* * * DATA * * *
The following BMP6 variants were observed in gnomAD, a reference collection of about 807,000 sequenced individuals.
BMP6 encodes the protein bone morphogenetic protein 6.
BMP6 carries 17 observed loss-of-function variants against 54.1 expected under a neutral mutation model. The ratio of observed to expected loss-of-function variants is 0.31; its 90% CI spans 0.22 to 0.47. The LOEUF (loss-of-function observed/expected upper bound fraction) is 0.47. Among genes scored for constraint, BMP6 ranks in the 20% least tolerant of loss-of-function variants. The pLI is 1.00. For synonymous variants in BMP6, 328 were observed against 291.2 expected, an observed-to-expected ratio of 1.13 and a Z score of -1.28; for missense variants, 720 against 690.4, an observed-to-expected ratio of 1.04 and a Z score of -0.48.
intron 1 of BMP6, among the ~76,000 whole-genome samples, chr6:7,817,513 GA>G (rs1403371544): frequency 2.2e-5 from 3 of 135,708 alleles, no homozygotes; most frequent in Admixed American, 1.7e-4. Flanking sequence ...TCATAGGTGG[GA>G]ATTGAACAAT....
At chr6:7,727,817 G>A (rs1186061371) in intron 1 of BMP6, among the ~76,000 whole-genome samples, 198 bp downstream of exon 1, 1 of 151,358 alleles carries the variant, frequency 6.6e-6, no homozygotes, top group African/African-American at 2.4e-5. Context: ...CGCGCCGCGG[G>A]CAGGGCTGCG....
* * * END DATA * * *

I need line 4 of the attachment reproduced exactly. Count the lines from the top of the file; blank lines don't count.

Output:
intron 1 of BMP6, among the ~76,000 whole-genome samples, chr6:7,817,513 GA>G (rs1403371544): frequency 2.2e-5 from 3 of 135,708 alleles, no homozygotes; most frequent in Admixed American, 1.7e-4. Flanking sequence ...TCATAGGTGG[GA>G]ATTGAACAAT....